As a volunteer collections assistant at my local county museum, I am currently assigned to cataloguing shelves of artifacts, such as the school materials I was working on this week. I picked up a small wooden box labeled “Fourth Gift” and was immediately taken back to when my children attended a Froebel school. The Froebel gifts were a set of play objects – you wouldn’t call them toys – created to guide young children to learn about geometry, design, storytelling, all kinds of wonderful things. This fourth gift was made by Milton Bradley, a name we now associate with mainstream games. I wonder how mainstream the Froebel gifts were when this was used?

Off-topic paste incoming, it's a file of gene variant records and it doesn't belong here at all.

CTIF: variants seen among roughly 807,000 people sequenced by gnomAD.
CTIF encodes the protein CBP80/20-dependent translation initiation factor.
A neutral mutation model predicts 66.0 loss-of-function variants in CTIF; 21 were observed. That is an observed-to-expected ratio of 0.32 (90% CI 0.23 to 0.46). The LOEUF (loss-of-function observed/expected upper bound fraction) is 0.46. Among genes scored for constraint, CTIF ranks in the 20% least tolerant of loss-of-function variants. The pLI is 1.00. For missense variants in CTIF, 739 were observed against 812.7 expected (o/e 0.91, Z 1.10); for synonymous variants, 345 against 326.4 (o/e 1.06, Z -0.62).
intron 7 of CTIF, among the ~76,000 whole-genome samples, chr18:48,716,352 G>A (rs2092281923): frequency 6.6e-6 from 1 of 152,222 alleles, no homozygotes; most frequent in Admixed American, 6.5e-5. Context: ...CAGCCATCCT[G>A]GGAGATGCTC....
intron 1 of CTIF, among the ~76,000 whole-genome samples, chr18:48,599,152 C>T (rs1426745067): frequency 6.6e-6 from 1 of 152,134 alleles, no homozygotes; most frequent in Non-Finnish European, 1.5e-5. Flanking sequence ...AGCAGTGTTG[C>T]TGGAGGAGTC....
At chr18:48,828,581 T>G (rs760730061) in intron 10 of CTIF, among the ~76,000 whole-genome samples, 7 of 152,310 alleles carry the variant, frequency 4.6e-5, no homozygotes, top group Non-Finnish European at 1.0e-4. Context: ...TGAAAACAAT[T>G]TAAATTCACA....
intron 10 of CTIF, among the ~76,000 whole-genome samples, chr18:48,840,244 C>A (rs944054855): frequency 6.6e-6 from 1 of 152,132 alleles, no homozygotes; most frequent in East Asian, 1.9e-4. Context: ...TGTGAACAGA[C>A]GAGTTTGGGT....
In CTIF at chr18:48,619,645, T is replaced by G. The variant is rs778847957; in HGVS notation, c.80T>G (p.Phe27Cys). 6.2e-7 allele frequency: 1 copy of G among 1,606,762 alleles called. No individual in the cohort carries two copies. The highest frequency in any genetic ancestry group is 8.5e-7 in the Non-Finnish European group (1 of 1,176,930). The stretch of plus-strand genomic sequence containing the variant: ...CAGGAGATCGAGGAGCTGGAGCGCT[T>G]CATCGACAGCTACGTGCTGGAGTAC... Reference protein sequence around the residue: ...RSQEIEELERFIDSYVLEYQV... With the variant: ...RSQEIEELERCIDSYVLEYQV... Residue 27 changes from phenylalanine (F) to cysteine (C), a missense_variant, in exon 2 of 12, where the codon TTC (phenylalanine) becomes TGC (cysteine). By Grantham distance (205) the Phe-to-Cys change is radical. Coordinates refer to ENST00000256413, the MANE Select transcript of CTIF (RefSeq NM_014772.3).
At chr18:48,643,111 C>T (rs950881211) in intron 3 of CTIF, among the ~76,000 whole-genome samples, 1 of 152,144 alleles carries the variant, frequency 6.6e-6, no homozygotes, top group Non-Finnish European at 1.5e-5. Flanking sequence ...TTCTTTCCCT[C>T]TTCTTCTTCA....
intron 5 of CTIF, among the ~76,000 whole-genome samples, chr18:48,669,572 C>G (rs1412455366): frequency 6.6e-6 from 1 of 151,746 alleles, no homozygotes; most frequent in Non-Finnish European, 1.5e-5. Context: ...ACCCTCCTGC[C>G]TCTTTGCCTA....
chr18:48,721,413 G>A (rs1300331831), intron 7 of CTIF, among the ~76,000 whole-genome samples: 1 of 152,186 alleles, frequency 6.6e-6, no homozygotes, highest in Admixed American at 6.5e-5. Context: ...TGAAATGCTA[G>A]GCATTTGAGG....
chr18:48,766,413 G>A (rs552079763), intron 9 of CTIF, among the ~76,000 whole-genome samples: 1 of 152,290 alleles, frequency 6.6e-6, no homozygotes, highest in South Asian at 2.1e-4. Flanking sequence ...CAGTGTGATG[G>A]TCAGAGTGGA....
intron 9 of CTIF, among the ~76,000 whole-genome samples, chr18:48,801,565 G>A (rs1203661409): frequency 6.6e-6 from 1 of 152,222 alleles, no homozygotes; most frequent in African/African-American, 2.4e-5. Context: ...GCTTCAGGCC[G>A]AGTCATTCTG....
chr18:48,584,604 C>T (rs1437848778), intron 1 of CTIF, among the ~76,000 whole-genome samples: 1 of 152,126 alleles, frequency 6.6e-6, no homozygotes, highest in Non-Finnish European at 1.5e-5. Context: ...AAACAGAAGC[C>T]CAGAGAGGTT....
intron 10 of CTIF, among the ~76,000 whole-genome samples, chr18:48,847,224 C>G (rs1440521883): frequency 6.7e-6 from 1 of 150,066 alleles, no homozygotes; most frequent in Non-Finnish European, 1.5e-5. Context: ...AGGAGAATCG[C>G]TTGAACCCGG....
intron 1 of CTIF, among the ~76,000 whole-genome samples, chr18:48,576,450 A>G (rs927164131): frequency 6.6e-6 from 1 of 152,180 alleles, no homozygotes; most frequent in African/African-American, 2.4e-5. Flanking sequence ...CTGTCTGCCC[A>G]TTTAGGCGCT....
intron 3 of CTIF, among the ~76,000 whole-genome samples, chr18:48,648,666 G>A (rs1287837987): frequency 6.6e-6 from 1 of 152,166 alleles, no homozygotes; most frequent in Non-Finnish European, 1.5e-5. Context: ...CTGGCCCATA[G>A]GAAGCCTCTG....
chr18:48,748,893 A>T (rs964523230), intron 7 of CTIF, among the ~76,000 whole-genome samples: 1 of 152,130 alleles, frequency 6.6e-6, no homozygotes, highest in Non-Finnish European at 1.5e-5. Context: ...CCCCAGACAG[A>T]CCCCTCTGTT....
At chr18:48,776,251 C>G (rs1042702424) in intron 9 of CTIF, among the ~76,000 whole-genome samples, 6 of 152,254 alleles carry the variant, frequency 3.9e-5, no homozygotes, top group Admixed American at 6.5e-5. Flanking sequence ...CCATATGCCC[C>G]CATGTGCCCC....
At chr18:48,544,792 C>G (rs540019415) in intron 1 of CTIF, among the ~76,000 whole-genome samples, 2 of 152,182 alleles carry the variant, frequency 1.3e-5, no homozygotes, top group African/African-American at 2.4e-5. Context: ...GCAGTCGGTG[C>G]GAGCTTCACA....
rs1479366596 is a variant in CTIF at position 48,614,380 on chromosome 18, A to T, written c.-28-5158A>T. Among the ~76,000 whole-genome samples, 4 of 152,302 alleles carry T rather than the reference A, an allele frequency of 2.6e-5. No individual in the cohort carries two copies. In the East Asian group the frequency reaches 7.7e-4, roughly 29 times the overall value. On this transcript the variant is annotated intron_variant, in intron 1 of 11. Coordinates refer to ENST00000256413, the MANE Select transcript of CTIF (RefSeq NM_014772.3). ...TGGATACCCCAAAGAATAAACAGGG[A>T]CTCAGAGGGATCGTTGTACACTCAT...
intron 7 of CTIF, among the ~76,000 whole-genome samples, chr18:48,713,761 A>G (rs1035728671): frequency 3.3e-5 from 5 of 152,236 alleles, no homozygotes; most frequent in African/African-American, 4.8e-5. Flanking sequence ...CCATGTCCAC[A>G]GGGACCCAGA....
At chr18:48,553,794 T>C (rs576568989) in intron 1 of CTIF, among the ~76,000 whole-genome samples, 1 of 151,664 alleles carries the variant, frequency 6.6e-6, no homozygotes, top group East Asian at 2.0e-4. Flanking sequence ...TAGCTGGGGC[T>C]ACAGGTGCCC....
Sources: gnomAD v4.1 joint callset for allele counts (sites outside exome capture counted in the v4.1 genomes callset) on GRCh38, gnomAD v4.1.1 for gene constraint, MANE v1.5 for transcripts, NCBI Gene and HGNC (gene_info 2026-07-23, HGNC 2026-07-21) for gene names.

The ideas of Friedrich Froebel (1782-1852) influenced many North American educators and the schools they set up for young children around the turn of the 19th century, which were named after the German word, kindergarten.
This fourth gift looked different from what I remember. It contained several smallish wooden pieces rather than the eight cubes in the Strong Museum collection, which looks more like I remember. But then again, other sources specify oblong blocks for the fourth gift. Perhaps the manufacturer took liberties with the design, or maybe the original contents of the box were replaced at some point. I wonder how many children today enjoy the magic of tiny wooden shapes that can become whatever they imagine.